We have 16 games here and 3 were won by teams where they had fewer shots on goal than the losing opposition.  In all three of these games Cortland vs. Salisbury, JHU vs. 'Cuse and UMASS vs UofMD, the goalie won the game with high save percentages and high save counts.  The other 13 games have only one consistent statistic - the winner had more shots on goal than the loser.  The winning teams save percentage is 8.3% higher than the losers and the total margin of victory is 5 goals.  So if your keeper is 10 %-age points better than your opposition and you have any edge on SOG that should make you about 6 goals better.  For every 1.2 SOG you have better than your opposition you are about 1 goal better.  If you are 5 points better in goal %-age and 5 SOG better you should win by 8-10 goals.  It seems clear that coaches should be working very hard on these two areas - beyond the obvious face-offs to get the ball and GB/turnovers to keep the ball that are the foundation of possession, it is critical to work on getting more consistency out of your goalie (above 60% season long) coupled with fewer shots on goal allowed than you get (assuming you are shooting tough shots on the opposition keeper).  

This is understandable when one looks at two tables regarding college lacrossestatistics; the first table shows the effect of save percentage on SOGs.  The colored areas show goals allowed where blue is good, green ok trying to keep opposition to under 10 goals, yellow not so good, red bad and purple an almost certain loss at any level. So a lower save percentage can be tolerated when there are fewer SOGs, but a higher save percentage is required when more shots are on goal (because if you give up 15 goals you lose and over 12 you almost always lose in HS/college.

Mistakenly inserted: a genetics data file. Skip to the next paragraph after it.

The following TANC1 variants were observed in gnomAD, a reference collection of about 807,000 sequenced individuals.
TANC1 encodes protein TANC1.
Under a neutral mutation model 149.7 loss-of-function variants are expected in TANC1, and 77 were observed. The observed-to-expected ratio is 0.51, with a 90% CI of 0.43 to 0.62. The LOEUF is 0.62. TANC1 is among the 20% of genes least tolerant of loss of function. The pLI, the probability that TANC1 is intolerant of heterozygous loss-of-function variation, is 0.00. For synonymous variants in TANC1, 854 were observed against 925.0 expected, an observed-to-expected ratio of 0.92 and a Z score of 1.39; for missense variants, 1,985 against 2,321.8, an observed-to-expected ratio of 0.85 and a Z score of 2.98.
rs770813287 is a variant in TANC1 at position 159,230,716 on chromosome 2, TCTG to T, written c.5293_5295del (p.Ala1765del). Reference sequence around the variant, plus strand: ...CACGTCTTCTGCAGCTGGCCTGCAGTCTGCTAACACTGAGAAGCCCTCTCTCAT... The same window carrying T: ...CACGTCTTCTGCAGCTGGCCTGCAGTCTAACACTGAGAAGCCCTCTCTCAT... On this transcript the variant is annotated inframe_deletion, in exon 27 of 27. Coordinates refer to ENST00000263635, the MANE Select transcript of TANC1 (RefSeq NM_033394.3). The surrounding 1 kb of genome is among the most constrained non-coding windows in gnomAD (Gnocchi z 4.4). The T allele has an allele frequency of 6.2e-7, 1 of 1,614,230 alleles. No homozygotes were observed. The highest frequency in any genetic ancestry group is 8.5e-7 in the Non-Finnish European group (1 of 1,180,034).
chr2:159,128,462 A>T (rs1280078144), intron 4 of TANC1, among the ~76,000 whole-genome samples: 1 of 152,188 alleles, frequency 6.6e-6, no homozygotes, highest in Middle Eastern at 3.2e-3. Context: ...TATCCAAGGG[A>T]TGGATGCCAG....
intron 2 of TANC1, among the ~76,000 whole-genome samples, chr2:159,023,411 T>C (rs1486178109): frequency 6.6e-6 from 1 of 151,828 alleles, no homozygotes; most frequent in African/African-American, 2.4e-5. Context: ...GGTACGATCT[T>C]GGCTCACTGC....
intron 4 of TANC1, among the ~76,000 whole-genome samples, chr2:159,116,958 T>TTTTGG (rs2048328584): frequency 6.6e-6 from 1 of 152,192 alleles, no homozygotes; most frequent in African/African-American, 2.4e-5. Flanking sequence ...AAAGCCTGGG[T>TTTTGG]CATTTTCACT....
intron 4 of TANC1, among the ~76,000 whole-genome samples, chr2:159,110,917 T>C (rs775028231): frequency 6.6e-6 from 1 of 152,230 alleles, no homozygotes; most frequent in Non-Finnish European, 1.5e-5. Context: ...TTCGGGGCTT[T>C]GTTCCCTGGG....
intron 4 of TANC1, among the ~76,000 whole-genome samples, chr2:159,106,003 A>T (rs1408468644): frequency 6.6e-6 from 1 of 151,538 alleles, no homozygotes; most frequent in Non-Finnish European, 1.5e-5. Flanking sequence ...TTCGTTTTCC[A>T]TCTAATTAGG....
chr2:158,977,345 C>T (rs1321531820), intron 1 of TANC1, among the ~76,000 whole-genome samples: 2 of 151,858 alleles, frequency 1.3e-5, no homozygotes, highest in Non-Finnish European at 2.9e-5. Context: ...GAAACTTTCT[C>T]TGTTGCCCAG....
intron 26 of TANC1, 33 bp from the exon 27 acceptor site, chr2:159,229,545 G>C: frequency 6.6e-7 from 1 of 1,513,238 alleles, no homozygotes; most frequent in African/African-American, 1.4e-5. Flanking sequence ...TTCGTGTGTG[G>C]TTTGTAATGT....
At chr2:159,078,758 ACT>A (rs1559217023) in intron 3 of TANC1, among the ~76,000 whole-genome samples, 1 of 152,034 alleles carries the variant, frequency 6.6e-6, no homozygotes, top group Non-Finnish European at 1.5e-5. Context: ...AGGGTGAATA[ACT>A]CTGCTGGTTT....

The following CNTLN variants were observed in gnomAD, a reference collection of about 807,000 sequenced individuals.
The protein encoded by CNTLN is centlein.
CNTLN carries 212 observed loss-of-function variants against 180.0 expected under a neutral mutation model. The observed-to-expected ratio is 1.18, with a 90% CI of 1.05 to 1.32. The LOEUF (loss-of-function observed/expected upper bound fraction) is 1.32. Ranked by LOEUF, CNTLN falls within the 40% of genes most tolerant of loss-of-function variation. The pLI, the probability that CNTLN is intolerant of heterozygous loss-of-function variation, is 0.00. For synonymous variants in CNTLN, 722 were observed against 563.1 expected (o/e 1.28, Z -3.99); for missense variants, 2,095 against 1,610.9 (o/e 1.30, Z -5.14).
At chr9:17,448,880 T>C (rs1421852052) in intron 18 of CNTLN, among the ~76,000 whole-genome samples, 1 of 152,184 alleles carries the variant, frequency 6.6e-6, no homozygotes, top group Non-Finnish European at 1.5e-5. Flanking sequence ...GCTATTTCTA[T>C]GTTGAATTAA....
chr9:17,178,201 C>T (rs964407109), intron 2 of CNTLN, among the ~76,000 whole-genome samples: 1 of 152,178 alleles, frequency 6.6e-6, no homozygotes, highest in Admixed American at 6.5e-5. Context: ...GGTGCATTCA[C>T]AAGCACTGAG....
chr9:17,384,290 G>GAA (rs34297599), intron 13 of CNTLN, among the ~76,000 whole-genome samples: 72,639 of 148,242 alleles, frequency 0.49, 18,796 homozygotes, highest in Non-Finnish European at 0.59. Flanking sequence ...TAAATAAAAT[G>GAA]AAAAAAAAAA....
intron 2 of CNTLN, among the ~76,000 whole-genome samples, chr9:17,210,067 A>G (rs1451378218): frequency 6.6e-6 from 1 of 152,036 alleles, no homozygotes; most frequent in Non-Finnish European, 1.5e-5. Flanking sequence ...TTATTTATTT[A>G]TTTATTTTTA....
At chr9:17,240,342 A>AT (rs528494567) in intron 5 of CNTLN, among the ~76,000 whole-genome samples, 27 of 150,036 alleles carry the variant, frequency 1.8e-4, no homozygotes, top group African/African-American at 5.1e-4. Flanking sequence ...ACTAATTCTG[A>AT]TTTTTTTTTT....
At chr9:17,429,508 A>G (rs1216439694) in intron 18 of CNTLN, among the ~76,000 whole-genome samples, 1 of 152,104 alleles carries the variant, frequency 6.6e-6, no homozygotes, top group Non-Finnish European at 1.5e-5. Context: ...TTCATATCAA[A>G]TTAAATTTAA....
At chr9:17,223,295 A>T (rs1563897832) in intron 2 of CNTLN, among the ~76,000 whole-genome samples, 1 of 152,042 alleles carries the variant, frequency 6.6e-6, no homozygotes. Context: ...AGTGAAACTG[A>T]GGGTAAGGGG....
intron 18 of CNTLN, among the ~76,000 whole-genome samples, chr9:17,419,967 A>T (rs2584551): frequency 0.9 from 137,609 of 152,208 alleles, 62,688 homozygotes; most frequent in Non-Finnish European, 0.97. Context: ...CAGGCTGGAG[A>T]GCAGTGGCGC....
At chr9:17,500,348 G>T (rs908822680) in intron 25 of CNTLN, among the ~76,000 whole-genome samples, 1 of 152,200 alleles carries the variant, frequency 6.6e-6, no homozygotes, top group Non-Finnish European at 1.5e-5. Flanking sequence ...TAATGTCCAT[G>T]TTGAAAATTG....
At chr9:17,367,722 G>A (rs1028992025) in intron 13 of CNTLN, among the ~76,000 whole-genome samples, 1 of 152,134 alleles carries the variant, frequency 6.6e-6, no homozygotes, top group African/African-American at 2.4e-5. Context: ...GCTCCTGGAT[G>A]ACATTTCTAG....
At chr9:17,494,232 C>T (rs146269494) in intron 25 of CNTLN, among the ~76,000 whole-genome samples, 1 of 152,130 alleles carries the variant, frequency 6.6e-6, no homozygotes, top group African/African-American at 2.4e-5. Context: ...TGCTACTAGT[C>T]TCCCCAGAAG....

The second table shows the relationship between shots on goal and goals depending on how either accurate/good the shooting is.  From a shooting point of view the objective is to get at least 10 goals.  Inversely holding a team to low shot count and low shooting percentage makes it possible to hold them to 8 or fewer goals where most games are won.  It seems that good defense has a better chance of keeping the SOG down and the shooting percentage down by playing effective team defense inside 11 yards from the goal and letting the goalie make the outside saves.  These two tables are the same - one with a defensive color scheme and one with an offensive one.

                                                    Goals Allowed

Shots

SOG

Save Percentage against all shots on goal

Allowed

Allowed

30%

35%

40%

45%

50%

55%

60%

65%

70%

25

15

10.5

9.8

9.0

8.3

7.5

6.8

6.0

5.3

4.5

33

20

14.0

13.0

12.0

11.0

10.0

9.0

8.0

7.0

6.0

42

25

17.5

16.3

15.0

13.8

12.5

11.3

10.0

8.8

7.5

50

30

21.0

19.5

18.0

16.5

15.0

13.5

12.0

10.5

9.0

58

35

 

22.8

21.0

19.3

17.5

15.8

14.0

12.3

10.5

67

40

 

 

 

22.0

20.0

18.0

16.0

14.0

12.0

 

 

  Goals Made

 

 

 

 

 

 

Shooting Percentage (goals/all shots) 

 

 

18%

21%

24%

27%

30%

33%

36%

39%

42%

Shots

SOG

Shooting Percentage (goals/shots on goal)

Allowed

Allowed

30%

35%

40%

45%

50%

55%

60%

65%

70%

25

15

4.5

5.3

6.0

6.8

7.5

8.3

9.0

9.8

10.5

33

20

6.0

7.0

8.0

9.0

10.0

11.0

12.0

13.0

14.0

42

25

7.5

8.8

10.0

11.3

12.5

13.8

15.0

16.3

17.5

50

30

9.0

10.5

12.0

13.5

15.0

16.5

18.0

19.5

21.0

58

35

10.5

12.3

14.0

15.8

17.5

19.3

21.0

22.8

 

67

40

12.0

14.0

16.0

18.0

20.0

22.0

 

 

 

What this tells us is that even though the emotional lift a team gets from a big save at the right time is good, it is consistent goalie play (above 55%) and team defense (low SOG and mostly outside shots) that wins - as coaches we need to make that the environment for our team and wins will come and stay.

Copyright Weston Lacrosse 11-9--08